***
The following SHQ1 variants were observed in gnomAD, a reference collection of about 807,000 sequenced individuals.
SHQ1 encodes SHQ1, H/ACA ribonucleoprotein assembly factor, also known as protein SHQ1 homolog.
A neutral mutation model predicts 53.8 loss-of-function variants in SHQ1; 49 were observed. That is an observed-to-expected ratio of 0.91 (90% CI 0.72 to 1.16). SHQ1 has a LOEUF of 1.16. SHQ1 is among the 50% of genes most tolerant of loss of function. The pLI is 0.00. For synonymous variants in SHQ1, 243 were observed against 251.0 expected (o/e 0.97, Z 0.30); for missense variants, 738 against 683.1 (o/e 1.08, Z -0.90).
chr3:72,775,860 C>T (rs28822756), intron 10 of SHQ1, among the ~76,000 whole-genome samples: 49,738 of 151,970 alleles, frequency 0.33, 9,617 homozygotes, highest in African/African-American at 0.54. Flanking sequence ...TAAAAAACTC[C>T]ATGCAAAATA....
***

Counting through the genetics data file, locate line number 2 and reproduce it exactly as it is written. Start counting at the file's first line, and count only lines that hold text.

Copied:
SHQ1 encodes SHQ1, H/ACA ribonucleoprotein assembly factor, also known as protein SHQ1 homolog.